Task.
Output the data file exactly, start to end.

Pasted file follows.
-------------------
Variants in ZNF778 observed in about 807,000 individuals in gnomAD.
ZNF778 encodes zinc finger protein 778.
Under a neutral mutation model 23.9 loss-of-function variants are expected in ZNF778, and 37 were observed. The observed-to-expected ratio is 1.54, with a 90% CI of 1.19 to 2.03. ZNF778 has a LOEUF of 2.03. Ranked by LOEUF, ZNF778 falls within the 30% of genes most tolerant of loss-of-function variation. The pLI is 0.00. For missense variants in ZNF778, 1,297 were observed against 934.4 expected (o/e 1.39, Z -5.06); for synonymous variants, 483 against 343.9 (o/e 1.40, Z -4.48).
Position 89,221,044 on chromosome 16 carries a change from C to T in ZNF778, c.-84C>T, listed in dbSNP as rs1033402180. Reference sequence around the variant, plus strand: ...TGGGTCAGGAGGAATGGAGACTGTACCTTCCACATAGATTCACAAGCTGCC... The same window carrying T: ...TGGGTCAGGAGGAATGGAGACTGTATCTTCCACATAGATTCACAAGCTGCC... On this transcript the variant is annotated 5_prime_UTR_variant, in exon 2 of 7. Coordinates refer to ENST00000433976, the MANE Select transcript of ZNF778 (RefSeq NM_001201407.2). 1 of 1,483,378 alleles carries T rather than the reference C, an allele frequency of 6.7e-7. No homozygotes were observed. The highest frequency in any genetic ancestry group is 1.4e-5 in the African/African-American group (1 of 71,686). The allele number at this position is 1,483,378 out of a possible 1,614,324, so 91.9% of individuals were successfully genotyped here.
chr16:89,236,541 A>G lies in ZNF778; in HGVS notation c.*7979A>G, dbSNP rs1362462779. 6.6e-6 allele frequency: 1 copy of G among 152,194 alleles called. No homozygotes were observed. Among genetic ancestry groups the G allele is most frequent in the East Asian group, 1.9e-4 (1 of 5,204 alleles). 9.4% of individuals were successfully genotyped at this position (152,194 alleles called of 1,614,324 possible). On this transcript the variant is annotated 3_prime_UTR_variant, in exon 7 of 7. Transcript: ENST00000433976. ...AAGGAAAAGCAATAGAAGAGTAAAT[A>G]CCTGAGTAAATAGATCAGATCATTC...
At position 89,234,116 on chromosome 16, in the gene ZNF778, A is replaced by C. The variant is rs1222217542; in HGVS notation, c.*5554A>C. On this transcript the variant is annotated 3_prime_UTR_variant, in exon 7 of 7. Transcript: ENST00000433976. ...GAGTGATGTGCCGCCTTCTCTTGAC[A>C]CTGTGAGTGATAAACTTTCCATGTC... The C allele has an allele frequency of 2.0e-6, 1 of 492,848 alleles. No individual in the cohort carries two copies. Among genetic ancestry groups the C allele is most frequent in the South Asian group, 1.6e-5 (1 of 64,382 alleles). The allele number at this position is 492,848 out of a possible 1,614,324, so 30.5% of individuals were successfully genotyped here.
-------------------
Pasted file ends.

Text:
Variants in ZNF778 observed in about 807,000 individuals in gnomAD.
ZNF778 encodes zinc finger protein 778.
Under a neutral mutation model 23.9 loss-of-function variants are expected in ZNF778, and 37 were observed. The observed-to-expected ratio is 1.54, with a 90% CI of 1.19 to 2.03. ZNF778 has a LOEUF of 2.03. Ranked by LOEUF, ZNF778 falls within the 30% of genes most tolerant of loss-of-function variation. The pLI is 0.00. For missense variants in ZNF778, 1,297 were observed against 934.4 expected (o/e 1.39, Z -5.06); for synonymous variants, 483 against 343.9 (o/e 1.40, Z -4.48).
Position 89,221,044 on chromosome 16 carries a change from C to T in ZNF778, c.-84C>T, listed in dbSNP as rs1033402180. Reference sequence around the variant, plus strand: ...TGGGTCAGGAGGAATGGAGACTGTACCTTCCACATAGATTCACAAGCTGCC... The same window carrying T: ...TGGGTCAGGAGGAATGGAGACTGTATCTTCCACATAGATTCACAAGCTGCC... On this transcript the variant is annotated 5_prime_UTR_variant, in exon 2 of 7. Coordinates refer to ENST00000433976, the MANE Select transcript of ZNF778 (RefSeq NM_001201407.2). 1 of 1,483,378 alleles carries T rather than the reference C, an allele frequency of 6.7e-7. No homozygotes were observed. The highest frequency in any genetic ancestry group is 1.4e-5 in the African/African-American group (1 of 71,686). The allele number at this position is 1,483,378 out of a possible 1,614,324, so 91.9% of individuals were successfully genotyped here.
chr16:89,236,541 A>G lies in ZNF778; in HGVS notation c.*7979A>G, dbSNP rs1362462779. 6.6e-6 allele frequency: 1 copy of G among 152,194 alleles called. No homozygotes were observed. Among genetic ancestry groups the G allele is most frequent in the East Asian group, 1.9e-4 (1 of 5,204 alleles). 9.4% of individuals were successfully genotyped at this position (152,194 alleles called of 1,614,324 possible). On this transcript the variant is annotated 3_prime_UTR_variant, in exon 7 of 7. Transcript: ENST00000433976. ...AAGGAAAAGCAATAGAAGAGTAAAT[A>G]CCTGAGTAAATAGATCAGATCATTC...
At position 89,234,116 on chromosome 16, in the gene ZNF778, A is replaced by C. The variant is rs1222217542; in HGVS notation, c.*5554A>C. On this transcript the variant is annotated 3_prime_UTR_variant, in exon 7 of 7. Transcript: ENST00000433976. ...GAGTGATGTGCCGCCTTCTCTTGAC[A>C]CTGTGAGTGATAAACTTTCCATGTC... The C allele has an allele frequency of 2.0e-6, 1 of 492,848 alleles. No individual in the cohort carries two copies. Among genetic ancestry groups the C allele is most frequent in the South Asian group, 1.6e-5 (1 of 64,382 alleles). The allele number at this position is 492,848 out of a possible 1,614,324, so 30.5% of individuals were successfully genotyped here.